These extended trials have had a significant impact on litigation decisions because they make the prospect of going to trial a tremendously expensive choice for both plaintiffs and defendants. A National Law Journal article titled Life in the Doldrums Continues for Civil Litigators describes how the recession affected various parties’ decisions to go to trial and why litigants are so reluctant to file suits. The article states:
 
“What happened, according to law firm litigation department heads interviewed by the NLJ, was that corporate clients worked to control costs by waiting to file suits. They likely will continue do so through the first half of 2010, said Peter Haveles Jr., co-chairman of Kaye Scholer's complex commercial litigation department. ‘Part of it is deferring activity and not necessarily commencing a lawsuit if you can sue now or a year from now,’ he said.
 
“Steven Yerrid of The Yerrid Law Firm in Tampa, Fla., concurred with Haveles' assessment. ‘In tough economic times, people are going to look at the efficiency of taking a case through the full cycle of litigation,’ he said.”[8]
 
Unfortunately, we have come to accept these delays and the expense as “the cost of doing business” in the civil litigation system. But are they necessary? What are the practical effects of long, protracted litigation battles and trials?
 
These delays undoubtedly make litigation more expensive. Plaintiff attorneys must make a business decision based on their belief in whether they can ultimately prevail in the case as well as whether they can settle quickly, or whether the verdict in a lengthy litigation matter will be worth their time.[9] Corporate and defense counsel also make business decisions about whether to fight or resolve a case based on how long it will take to bring it to trial. Because of cutbacks in the courts, heavy caseloads and resulting continuances, defendants in civil suits are paying attorneys to prepare for trial two, three or even four times, not to mention the hours waiting in court for motions to be heard. For those working on contingency, these continuances make it harder to take new cases as the attorney’s case and work load increase. 
 
The irregular scheduling of many trials can also create comprehension problems for a jury. Research shows that juries (and judges) process information in a narrative model and not in a compartmentalized, linear fashion.[10] As a result, skipped days, long breaks, and witnesses taken out of order make it harder for a jury to formulate a cohesive story of the case, which may lead them to misremember or misunderstand key evidence.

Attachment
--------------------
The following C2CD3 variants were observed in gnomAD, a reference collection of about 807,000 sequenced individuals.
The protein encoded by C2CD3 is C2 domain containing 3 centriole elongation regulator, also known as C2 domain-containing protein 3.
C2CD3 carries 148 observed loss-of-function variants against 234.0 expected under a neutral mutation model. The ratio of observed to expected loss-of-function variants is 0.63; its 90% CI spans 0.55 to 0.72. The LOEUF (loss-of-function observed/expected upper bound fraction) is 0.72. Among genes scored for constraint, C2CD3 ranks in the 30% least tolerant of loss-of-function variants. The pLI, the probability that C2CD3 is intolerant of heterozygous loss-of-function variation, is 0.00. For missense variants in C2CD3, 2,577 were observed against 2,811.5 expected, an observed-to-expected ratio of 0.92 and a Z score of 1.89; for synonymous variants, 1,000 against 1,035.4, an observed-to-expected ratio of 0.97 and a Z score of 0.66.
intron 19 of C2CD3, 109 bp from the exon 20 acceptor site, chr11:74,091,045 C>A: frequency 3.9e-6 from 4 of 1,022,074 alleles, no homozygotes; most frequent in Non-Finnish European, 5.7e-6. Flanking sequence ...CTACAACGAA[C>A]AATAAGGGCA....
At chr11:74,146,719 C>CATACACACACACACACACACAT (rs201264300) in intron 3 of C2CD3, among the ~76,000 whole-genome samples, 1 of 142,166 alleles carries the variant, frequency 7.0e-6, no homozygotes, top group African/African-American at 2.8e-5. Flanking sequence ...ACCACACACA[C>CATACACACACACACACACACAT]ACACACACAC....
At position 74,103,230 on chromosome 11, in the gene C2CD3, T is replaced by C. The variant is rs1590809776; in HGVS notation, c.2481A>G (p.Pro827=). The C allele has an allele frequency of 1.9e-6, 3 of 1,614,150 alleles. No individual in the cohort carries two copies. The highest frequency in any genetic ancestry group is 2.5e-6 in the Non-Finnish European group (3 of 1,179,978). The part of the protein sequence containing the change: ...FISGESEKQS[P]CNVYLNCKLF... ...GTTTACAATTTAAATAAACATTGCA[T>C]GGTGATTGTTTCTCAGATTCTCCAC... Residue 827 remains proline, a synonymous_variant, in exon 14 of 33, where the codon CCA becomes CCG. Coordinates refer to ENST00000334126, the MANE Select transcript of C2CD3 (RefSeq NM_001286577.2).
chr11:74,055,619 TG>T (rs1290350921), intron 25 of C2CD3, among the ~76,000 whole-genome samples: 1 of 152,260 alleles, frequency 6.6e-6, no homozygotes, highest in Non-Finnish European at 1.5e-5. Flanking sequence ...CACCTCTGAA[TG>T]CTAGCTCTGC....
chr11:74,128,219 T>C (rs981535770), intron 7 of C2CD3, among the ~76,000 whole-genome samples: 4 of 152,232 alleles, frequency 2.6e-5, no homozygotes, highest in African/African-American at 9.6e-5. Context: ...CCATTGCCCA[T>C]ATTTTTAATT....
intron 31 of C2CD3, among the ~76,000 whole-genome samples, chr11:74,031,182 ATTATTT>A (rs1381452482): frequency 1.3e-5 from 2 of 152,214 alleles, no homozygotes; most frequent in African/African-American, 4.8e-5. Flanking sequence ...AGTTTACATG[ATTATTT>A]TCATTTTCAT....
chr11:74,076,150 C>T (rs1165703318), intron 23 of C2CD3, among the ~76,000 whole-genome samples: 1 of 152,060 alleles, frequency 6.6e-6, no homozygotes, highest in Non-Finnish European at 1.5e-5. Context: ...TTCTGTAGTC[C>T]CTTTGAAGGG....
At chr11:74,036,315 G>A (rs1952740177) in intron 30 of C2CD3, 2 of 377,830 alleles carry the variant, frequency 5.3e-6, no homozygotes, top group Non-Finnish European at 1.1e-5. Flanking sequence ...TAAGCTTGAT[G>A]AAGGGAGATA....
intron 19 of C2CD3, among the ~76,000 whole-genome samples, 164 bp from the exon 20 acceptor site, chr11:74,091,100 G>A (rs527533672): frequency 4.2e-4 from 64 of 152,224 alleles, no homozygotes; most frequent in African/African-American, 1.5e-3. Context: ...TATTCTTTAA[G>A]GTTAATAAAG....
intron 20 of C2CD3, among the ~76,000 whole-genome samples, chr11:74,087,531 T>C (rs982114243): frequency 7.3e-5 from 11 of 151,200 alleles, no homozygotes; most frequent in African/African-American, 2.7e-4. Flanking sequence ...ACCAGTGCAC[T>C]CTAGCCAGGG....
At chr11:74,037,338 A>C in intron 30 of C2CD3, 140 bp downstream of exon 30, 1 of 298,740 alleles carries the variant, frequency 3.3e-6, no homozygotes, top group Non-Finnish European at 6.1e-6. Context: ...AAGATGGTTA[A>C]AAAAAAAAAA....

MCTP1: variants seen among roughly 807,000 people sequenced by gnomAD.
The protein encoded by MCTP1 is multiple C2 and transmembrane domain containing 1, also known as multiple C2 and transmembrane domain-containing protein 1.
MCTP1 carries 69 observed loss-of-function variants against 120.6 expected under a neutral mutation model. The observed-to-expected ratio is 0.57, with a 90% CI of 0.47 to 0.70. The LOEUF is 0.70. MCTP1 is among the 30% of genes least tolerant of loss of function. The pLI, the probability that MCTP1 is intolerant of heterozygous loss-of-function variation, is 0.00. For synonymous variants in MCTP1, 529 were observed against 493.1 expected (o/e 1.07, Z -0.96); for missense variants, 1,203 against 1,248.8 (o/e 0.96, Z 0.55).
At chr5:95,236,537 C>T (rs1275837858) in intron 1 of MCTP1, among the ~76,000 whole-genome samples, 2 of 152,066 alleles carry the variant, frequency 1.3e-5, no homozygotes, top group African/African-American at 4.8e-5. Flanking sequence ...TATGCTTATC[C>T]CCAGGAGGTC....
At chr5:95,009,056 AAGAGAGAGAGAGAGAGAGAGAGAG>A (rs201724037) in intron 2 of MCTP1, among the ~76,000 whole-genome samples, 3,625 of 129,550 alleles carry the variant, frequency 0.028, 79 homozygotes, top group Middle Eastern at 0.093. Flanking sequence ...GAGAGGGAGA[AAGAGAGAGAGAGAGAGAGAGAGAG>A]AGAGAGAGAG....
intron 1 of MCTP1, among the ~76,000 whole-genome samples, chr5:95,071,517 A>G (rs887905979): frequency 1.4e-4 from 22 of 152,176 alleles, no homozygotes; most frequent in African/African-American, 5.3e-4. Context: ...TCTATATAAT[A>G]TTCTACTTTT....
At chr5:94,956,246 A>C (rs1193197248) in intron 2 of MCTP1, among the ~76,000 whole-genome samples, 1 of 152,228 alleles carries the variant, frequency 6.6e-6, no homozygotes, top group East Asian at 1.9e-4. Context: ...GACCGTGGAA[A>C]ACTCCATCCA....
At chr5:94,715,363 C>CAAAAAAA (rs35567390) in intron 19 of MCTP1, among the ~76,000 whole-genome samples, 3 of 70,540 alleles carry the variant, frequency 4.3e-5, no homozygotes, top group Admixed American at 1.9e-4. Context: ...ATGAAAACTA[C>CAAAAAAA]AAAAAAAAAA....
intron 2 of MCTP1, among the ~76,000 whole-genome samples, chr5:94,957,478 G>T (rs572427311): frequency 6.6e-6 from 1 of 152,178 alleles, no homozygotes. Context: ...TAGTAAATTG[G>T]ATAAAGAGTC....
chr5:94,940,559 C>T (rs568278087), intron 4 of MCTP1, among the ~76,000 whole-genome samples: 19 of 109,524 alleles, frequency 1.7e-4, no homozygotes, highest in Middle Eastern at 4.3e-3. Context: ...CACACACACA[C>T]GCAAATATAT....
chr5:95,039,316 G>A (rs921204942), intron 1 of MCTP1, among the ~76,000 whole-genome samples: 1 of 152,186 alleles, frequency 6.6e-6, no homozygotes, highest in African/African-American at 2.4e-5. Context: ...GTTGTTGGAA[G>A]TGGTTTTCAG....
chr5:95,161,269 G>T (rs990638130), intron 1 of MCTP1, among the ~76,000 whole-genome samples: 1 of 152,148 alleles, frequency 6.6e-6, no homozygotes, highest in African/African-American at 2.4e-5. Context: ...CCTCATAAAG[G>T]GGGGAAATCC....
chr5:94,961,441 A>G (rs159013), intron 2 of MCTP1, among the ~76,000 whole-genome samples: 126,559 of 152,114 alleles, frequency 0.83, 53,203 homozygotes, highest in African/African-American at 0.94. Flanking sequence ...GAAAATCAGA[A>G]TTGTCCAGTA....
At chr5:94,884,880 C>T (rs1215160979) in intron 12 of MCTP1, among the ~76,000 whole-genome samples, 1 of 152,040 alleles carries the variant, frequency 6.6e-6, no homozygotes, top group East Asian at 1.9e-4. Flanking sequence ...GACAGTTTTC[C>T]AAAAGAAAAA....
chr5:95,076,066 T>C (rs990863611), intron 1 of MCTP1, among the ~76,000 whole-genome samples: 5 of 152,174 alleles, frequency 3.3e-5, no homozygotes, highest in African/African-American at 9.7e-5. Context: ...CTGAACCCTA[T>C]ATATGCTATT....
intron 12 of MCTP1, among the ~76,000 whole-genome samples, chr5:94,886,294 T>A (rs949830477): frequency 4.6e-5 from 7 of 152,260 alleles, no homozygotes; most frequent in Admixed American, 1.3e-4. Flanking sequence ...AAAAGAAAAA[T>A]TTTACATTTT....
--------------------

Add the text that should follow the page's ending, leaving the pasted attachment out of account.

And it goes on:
In some of the various conferences addressing these challenges, there has been an expressed desire for Judges to take a stronger hand in controlling the litigation by placing stricter limits on discovery. However, judges are often deciding rulings on a number of cases involving different types of litigation such as product liability, medical malpractice, premises liability, and contract issues. As a result of the sheer volume of their caseload, there is pressure for them to push parties to settle a case.Since they are conducting motions and hearings on multiple matters and conducting trials during the day, they are then pushed to read and research multiple cases at night. This full docket makes it difficult for them to control the litigation with a great deal of scrutiny.
 
In the civil justice system, there are often complaints about juries in a specific venue being particularly pro-plaintiff or pro-defense. As a result of perceived unfairness they may receive at the hands of a specific judge or jury, plaintiff and defense counsel may become more concerned with the appellate record than with presenting their case in order to get a meaningful, thoughtful resolution from the jury. Thus, they end up making more motions and presenting more experts in order to preserve their record for appeal. While this presentation of extra evidence may give a jury a more comprehensive view of the issues in a case, it may also confuse them and distract them from some of the key evidence in the trial.
 
What is the quality of information we use to predict trial outcome and manage risk?
 
Effectively managing litigation entailsrisk evaluation. How will jurors apportion fault and award damages in a car accident to a plaintiff who was slightly over the speed limit and suffered a mild brain injury? Will they find a key expert credible? Will they find an email between the parties in a contract dispute to establish an agreement?